So back to that Huffington Post article that I saw at work. It was a link to a letter written by a man in a state that is debating the legal definition of marriage. Currently, he happens to fall outside of that definition. And he presented a very eloquent argument as to why the thought of 13 strangers debating his future without knowing anything about him, or anything about his life, or anything about his marriage was one of the more discriminatory actions he has faced. You can go here and read the full letter–I encourage you to do so. At a time when people debate this topic so forcefully yet I know several of my friends do not know a gay man or a lesbian woman, much less one in a committed relationship, it is a fantastic accounting of what a day in his life is like. And it’s just that–a day. A day when two people who are married to each other wake up in the morning and go through their day. Go to work, eat meals, do laundry, watch a movie. A day like the day you have, or the day like I have.
I don’t know why the letter resonated with me so strongly, but it did. So I did something I think I’ve never done (unless it’s writing to my imagined BFF at USAToday, the Pop Culture Maven Whitney Mathison) and wrote to the guy that penned the original letter.
His name is Peter Monn. And he wrote me back. Continue reading
So here’s a bit of back story. A few days ago I was procrastinating at work and scrolling through my Facebook feed. Lately I seem to be clicking on a lot of Huffington Post articles, and they had one that caught my interest so I center clicked on it and opened it up in a second tab. And then forgot about it for the next few hours. It caught my attention as many headlines do–because it was on an issue that I carry an opinion that I do not often discuss.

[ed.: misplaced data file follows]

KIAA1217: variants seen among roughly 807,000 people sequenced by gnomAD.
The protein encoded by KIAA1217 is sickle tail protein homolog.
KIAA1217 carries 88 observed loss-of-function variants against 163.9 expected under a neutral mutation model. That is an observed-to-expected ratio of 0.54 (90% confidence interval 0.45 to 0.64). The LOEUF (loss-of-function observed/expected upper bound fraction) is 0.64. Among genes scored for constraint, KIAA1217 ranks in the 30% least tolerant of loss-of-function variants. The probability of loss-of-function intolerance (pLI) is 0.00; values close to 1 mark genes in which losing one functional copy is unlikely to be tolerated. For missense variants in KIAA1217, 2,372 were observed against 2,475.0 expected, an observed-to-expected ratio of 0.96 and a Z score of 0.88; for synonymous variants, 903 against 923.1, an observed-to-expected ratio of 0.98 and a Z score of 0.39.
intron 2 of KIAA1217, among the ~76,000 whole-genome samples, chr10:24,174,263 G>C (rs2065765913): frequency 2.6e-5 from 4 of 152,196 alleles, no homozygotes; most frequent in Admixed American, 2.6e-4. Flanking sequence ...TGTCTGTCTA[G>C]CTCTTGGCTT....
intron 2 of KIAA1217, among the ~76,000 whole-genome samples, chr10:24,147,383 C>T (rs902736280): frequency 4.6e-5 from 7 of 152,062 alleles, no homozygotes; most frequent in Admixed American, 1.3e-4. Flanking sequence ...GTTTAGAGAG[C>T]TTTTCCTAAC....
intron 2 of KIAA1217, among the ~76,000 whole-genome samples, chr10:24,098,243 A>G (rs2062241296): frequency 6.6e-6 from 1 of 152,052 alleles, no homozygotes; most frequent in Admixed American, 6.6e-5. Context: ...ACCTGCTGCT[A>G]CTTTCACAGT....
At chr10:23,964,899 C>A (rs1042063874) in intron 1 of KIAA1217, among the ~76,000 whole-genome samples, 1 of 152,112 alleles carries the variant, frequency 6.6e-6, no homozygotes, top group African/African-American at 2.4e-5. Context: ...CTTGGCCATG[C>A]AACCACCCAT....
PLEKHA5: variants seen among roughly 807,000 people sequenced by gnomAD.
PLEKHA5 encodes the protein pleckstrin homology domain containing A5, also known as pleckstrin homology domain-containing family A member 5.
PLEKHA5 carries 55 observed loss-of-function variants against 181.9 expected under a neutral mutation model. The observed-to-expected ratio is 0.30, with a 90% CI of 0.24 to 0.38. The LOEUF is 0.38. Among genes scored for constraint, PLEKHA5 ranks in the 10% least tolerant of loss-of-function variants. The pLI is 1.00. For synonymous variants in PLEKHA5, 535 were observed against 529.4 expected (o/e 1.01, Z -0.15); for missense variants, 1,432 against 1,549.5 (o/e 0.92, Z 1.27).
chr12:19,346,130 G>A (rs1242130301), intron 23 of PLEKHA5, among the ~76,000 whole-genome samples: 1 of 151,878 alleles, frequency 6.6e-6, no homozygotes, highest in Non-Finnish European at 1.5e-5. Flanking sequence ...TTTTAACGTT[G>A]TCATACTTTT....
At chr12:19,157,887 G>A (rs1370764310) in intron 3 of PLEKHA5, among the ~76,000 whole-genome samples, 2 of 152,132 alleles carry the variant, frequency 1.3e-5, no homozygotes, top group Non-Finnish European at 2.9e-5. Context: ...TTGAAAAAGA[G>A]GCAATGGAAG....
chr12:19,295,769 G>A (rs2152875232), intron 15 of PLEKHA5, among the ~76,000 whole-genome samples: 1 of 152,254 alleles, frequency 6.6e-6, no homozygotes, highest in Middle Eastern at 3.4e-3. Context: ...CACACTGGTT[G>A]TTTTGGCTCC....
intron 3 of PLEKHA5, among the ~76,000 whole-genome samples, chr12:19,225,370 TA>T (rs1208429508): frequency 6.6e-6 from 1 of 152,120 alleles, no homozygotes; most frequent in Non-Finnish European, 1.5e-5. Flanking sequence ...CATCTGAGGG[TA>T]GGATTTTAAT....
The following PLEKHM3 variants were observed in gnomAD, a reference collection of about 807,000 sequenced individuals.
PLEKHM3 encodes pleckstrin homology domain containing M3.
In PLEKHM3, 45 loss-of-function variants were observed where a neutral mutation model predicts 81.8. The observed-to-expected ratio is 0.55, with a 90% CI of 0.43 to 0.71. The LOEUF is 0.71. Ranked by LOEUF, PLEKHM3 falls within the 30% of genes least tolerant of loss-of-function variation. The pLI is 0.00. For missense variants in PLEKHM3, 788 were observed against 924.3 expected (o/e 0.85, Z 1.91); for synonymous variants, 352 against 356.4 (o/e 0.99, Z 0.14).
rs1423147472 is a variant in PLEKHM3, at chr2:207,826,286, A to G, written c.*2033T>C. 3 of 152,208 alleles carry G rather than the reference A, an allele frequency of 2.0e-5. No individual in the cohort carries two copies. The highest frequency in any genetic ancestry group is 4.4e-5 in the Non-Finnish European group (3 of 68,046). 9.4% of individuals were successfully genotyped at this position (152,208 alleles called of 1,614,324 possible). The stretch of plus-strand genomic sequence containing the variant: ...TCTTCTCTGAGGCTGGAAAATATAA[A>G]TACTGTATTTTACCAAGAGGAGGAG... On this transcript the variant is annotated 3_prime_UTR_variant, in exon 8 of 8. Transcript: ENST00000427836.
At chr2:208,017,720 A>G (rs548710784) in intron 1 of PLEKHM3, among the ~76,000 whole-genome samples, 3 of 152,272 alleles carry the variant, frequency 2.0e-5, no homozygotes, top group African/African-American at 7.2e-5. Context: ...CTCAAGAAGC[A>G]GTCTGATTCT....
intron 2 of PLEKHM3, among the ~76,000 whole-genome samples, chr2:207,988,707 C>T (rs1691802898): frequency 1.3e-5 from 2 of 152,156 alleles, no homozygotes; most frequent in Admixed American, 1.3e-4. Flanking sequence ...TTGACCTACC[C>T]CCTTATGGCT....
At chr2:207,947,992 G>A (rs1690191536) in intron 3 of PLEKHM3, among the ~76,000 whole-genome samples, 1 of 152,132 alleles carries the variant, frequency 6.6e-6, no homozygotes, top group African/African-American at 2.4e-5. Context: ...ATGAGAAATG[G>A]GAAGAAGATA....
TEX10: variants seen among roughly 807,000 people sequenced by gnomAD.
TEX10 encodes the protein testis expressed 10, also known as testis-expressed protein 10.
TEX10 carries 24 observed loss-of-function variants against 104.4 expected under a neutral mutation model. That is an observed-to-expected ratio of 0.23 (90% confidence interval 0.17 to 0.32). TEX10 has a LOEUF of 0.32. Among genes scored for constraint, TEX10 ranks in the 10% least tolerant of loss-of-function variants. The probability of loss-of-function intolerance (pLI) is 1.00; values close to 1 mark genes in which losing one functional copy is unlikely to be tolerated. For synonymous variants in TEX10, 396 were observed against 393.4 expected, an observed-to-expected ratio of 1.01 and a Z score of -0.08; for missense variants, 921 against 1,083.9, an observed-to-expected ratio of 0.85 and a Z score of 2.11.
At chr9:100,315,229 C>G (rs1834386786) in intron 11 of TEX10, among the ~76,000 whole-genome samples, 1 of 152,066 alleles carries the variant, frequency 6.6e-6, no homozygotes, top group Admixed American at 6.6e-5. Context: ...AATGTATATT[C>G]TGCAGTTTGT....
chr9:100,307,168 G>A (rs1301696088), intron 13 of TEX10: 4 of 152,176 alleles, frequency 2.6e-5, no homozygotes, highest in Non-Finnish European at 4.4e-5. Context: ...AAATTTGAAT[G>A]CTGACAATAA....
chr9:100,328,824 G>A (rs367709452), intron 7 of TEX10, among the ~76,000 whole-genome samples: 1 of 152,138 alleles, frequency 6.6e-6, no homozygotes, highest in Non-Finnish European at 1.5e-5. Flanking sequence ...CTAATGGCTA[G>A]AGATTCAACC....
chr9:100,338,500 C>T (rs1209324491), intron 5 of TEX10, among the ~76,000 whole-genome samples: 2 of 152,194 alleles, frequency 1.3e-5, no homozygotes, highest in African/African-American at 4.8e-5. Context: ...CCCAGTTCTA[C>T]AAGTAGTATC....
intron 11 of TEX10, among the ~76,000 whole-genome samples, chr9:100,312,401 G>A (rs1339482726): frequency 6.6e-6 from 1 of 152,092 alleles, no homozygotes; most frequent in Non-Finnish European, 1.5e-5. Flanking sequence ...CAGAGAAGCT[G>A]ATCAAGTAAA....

I made a promise to myself that I would change that. That I would not hide my opinion any more. I don’t feel that I was hiding it to begin with, but I certainly wasn’t speaking up. Well, not any more than I normally do to friends. But not loudly, and not often.
In my life, I have had the privilege of working in the theater, in the restaurant world, and in the corporate office of a men’s clothing company. In each of these industries, I have had the opportunity to work with people who have a lifestyle that is quite different from the one that I live. Continue reading
When I was a kid, it was only the kids that were unable to socialize properly that were homeschooled. I think I knew two, a brother sister pair, and I had heard rumors of the other local families that did. And it was always done in hushed tones, because they were kids that were different, kids that had a problem, and homeschooling was the last option available to them.
Now, over twenty years later, I can’t even begin to count the number of people I know that homeschool their children. Families with one child, families with four children. Actually, come to think of it, lots of families with four children for some reason. Families with more than just their own being homeschooled. Families that like the free structure homeschooling provides and the flexibility to pursue the individual interests of the family and the child.